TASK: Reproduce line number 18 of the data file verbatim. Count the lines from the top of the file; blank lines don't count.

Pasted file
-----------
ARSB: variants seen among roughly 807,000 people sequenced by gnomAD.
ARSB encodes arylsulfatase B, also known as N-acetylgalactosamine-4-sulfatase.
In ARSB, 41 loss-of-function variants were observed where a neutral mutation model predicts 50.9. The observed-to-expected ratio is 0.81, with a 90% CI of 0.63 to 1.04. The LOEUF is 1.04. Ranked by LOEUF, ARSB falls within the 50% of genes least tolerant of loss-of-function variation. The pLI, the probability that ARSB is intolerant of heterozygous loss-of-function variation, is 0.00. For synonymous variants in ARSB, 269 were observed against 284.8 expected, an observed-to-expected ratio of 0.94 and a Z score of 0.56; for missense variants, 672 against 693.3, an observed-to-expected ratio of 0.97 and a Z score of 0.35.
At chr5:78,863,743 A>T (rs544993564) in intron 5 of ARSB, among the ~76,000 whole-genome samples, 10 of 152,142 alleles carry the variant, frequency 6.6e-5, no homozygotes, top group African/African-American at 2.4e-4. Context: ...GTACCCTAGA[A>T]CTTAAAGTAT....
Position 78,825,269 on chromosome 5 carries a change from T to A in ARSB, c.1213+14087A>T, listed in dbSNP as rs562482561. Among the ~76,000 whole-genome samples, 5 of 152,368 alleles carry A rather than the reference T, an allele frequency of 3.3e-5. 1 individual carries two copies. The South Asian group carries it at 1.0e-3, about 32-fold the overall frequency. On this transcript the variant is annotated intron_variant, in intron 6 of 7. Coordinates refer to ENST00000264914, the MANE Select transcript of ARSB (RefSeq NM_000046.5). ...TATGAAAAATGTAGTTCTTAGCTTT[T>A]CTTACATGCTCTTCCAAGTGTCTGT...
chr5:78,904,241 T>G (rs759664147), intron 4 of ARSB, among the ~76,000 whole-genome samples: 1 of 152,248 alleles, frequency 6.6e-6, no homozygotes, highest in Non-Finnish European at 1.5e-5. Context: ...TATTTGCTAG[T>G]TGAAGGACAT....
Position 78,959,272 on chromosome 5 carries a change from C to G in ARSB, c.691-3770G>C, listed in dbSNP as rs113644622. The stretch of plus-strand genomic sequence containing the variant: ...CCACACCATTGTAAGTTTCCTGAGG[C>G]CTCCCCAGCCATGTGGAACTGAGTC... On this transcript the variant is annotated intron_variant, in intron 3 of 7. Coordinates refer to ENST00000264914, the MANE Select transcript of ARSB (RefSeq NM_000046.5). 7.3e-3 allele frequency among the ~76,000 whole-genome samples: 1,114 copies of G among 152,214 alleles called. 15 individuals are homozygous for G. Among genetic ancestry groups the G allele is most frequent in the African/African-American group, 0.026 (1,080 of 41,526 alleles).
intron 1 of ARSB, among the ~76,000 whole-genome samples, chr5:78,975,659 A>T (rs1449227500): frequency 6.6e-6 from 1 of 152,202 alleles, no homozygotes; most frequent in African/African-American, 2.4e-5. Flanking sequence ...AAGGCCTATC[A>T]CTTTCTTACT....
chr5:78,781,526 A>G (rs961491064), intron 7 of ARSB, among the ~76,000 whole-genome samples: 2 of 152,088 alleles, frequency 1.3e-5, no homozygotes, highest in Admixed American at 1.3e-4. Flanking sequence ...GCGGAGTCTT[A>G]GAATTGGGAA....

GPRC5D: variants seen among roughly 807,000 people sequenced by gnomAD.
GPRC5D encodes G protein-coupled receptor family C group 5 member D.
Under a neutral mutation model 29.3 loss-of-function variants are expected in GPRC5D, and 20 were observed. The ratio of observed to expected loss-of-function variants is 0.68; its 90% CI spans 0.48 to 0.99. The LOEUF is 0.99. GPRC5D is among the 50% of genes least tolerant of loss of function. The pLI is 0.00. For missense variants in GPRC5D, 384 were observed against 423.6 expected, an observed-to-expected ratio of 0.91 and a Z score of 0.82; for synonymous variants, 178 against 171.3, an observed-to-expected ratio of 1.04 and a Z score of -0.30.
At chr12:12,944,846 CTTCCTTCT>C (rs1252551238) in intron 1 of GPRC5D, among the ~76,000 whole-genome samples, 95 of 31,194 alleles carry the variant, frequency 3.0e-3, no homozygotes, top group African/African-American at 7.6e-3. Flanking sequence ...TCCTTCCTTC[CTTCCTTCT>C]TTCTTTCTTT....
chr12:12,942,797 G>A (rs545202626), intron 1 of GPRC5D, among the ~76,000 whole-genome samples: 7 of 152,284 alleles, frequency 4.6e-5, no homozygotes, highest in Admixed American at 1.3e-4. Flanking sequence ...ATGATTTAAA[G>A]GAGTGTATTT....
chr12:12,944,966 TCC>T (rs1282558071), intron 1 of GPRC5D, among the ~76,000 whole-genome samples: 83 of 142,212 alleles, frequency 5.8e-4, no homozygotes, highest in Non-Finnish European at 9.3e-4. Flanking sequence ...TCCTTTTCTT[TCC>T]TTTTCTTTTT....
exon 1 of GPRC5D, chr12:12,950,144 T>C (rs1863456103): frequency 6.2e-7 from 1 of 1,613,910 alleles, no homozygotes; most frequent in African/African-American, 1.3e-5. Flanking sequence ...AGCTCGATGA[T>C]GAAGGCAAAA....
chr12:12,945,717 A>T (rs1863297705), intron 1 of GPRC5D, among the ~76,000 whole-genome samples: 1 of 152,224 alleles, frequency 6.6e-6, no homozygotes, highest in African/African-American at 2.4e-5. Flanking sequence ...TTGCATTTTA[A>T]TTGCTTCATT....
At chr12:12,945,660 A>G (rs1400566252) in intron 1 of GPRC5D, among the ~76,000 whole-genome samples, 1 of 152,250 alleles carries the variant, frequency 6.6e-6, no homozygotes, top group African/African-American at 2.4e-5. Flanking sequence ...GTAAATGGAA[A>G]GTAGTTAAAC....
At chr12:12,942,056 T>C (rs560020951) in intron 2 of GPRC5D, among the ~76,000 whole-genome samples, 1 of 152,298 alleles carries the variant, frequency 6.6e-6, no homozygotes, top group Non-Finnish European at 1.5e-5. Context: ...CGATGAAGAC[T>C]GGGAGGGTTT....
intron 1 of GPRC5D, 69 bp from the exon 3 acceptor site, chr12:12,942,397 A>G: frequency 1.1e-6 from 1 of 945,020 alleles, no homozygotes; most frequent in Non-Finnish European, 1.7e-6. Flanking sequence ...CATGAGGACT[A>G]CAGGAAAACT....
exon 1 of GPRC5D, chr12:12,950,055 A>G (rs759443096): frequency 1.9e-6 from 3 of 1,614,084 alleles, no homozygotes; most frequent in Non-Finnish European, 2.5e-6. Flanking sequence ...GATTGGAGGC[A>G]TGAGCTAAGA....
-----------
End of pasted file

At chr12:12,945,660 A>G (rs1400566252) in intron 1 of GPRC5D, among the ~76,000 whole-genome samples, 1 of 152,250 alleles carries the variant, frequency 6.6e-6, no homozygotes, top group African/African-American at 2.4e-5. Flanking sequence ...GTAAATGGAA[A>G]GTAGTTAAAC....